Users of clinical practice guidelines and other recommendations need to know how much confidence they can place in the recommendations. Systematic and explicit methods of making judgments can reduce errors and improve communication. We have developed a system for grading the quality of evidence and the strength of recommendations that can be applied across a wide range of interventions and contexts. In this article we present a summary of our approach from the perspective of a guideline user. Judgments about the strength of a recommendation require consideration of the balance between benefits and harms, the quality of the evidence, translation of the evidence into specific circumstances, and the certainty of the baseline risk. It is also important to consider costs (resource utilisation) before making a recommendation. Inconsistencies among systems for grading the quality of evidence and the strength of recommendations reduce their potential to facilitate critical appraisal and improve communication of these judgments. Our system for guiding these complex judgments balances the need for simplicity with the need for full and transparent consideration.
This article is available in full text at both the U of M and UPR libraries. U of M students, staff and faculty can access it through the MNCAT catalog. UPR students, staff and faculty can access through the ProQuest Medical Library at: http://rcm- library.rcm.upr.edu/ProQuestaccess.htm
LAURA LANDRO, The Wall Street Journal
Thursday, June 17, 2004
(06-17) 06:07 PDT (AP) --
The current push to require drug companies to disclose their unpublished clinical trials could unleash a flood of new information for doctors and patients. But in the meantime, there is already a growing effort by medical publishers, scientific groups and government agencies aimed at helping people find and interpret clinical-trials results online.
Currently existing registries are run by the National Institutes of Health and a host of private organizations. Web sites like MedlinePlus.gov offer direct links to most published medical studies, which in some cases are free or else can be purchased directly from the journal. And more help is under development, such as an upcoming guide from the National Library of Medicine on understanding reports.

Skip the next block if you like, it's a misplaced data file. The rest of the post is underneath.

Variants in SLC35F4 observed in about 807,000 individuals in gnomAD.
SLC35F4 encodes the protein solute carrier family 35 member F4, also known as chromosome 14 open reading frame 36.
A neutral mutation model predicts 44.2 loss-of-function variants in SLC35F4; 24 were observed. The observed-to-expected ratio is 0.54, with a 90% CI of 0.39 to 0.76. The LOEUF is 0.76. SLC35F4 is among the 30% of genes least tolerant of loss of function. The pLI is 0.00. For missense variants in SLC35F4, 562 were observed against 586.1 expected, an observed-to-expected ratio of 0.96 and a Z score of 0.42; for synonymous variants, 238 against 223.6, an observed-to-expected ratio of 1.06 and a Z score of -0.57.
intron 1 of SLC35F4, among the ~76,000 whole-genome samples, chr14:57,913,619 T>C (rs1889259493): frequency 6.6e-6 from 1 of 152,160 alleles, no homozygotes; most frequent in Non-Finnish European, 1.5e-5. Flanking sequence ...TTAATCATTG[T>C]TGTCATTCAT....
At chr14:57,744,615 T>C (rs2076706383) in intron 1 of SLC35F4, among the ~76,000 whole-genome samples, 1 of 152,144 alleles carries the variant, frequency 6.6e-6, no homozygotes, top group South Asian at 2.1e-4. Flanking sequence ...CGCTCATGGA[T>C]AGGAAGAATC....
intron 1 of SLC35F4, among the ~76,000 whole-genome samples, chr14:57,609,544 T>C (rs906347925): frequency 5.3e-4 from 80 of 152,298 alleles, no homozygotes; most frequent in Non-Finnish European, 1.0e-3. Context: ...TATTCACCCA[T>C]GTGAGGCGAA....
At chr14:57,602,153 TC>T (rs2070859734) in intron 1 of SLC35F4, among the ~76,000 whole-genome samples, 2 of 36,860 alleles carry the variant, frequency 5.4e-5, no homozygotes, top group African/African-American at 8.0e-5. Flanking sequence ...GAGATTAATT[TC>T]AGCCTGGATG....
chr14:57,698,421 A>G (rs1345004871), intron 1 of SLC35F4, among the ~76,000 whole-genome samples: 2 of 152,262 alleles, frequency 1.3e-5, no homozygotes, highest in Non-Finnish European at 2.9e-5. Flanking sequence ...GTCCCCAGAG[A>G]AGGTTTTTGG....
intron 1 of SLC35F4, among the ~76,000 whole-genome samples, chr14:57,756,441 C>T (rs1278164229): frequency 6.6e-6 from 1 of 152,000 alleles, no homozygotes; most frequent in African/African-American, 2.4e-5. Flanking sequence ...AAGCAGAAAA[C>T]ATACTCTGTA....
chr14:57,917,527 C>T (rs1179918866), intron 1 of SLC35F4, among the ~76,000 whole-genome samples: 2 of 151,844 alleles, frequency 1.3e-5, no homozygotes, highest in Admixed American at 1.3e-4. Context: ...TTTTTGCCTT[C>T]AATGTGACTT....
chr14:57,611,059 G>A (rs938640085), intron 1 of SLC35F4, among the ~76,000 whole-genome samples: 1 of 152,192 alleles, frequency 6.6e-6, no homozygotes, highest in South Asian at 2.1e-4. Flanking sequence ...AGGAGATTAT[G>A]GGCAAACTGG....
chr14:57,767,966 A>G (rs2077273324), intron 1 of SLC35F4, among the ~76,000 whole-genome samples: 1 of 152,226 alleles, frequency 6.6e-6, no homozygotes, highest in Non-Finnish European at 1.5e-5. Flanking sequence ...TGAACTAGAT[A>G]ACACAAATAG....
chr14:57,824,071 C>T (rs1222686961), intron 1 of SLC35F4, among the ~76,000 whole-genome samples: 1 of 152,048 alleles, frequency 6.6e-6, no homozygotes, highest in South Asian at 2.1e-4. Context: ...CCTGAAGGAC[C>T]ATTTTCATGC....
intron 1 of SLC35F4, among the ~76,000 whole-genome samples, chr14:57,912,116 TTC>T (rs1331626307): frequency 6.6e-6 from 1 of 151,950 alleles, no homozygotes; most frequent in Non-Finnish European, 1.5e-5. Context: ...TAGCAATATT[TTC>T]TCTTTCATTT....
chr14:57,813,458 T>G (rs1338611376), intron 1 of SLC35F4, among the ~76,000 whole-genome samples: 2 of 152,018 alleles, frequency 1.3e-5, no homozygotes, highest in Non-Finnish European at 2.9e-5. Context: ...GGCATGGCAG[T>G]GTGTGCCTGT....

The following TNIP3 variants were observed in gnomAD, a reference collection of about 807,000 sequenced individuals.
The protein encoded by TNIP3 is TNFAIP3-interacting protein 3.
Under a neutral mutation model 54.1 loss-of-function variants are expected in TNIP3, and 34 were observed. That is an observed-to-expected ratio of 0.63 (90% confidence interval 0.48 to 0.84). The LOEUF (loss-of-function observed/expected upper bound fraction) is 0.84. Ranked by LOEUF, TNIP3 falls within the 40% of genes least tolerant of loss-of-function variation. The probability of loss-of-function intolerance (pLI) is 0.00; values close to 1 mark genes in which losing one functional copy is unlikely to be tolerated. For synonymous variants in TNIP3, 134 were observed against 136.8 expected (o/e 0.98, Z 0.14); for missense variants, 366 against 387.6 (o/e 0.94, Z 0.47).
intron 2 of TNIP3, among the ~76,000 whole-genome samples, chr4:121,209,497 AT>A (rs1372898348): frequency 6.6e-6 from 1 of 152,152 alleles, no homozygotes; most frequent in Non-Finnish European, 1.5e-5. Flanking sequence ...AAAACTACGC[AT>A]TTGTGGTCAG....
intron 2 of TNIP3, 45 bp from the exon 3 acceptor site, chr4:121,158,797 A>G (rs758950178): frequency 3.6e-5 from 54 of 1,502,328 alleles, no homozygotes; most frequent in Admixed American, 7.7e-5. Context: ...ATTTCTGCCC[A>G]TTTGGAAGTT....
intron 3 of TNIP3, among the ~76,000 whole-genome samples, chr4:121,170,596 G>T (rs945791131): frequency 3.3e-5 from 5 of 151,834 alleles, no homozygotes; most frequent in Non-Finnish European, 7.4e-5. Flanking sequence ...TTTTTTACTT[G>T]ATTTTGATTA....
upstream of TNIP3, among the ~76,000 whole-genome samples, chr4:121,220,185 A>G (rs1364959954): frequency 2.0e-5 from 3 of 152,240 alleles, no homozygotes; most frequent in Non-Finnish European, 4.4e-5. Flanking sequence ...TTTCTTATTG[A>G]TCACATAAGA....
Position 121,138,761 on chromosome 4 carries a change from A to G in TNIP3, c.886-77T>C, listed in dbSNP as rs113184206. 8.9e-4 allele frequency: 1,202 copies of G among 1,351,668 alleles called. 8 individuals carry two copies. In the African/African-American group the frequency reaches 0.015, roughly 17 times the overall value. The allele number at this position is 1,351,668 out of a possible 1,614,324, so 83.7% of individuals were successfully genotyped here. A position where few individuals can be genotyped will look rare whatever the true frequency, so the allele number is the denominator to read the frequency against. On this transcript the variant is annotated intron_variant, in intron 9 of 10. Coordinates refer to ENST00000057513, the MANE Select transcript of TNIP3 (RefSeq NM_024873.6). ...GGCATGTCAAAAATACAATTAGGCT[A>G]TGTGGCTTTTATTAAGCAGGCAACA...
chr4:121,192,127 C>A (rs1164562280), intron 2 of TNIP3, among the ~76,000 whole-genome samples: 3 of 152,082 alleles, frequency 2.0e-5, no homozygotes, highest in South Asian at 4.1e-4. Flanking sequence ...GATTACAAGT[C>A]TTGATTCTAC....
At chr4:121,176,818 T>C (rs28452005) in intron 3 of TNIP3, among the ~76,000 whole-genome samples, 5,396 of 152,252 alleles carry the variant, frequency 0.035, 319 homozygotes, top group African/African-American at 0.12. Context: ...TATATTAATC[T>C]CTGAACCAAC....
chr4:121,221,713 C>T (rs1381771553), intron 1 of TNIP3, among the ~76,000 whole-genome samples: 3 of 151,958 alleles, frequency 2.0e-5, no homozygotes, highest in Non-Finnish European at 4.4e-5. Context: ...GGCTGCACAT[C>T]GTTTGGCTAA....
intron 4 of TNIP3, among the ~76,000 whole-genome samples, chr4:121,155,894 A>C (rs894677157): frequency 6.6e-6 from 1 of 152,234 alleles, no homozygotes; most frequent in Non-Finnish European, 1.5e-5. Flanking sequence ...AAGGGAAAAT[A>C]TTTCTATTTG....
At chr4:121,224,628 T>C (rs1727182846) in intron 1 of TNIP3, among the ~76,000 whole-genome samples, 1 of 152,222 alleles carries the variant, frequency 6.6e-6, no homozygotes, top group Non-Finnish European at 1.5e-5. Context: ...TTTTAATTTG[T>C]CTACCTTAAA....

By Amanda Gardner
TUESDAY, June 15 (HealthDayNews) -- Three of the nation's leading health organizations have joined forces to release the first unified set of recommendations on how to avert the nation's deadliest diseases.
The guidelines are aimed at preventing cancer, diabetes, heart disease, and stroke, and experts said that if they're followed carefully, people can lower their risk of getting these diseases by two-thirds.
The recommendations, announced Tuesday by the American Heart Association, the American Cancer Society, and the American Diabetes Association, are intended to make life simpler and healthier for all Americans. Lifestyle changes that lower the risk for one disease, for instance, could cut the risk for them all, they said.
The power of the prescription pad is harnessed to the Internet with the hope that educated patients can be powerful players in their own care.
By Susan J. Landers, AMNews staff. May 24/31, 2004.
Washington -- Officially directing patients to a reputable Web site to research a disease or condition is an idea whose time has come, according to physicians who have participated in pilot projects for Prescriptions for Information.
The program, a joint effort of the National Library of Medicine and the American College of Physicians Foundation, encourages physicians to write prescriptions for a trustworthy, commercial-free Web site packed full of free information -- the NLM's MedlinePlus.
"Keeping up-to-date in this age of information overload can be difficult. But not anymore. Mobile Medica has a convenient, cost-effective solution - APPRISOR™. APPRISOR™ is a world class content delivery system specifically designed for medical organizations. In the APPRISOR™ system, Mobile Medica provides a single source for document creation and delivery via our robust and freely distributed document viewers for either Palm OS® or Microsoft Pocket PC handhelds. Each APPRISOR™ document can be read on both Palm OS® or Pocket PC OS systems, and even transferred between the two. APPRISOR™ supports Palm OS® 3.0 and above including OS 5 and Pocket PC 2002 on ARM, XScale, MIPS, or SH3 processors."
This site does require registration, however the downloads are free.
For registration go to: http://www.apprisor.com/information.cfm
For downloads go to: http://www.apprisor.com/dlselect.cfm
The Apprisor reader and the Common ICD9 Codes, 2004 Edition files may be downloaded at the same time. Clinical Practice Guidelines are also available at this site.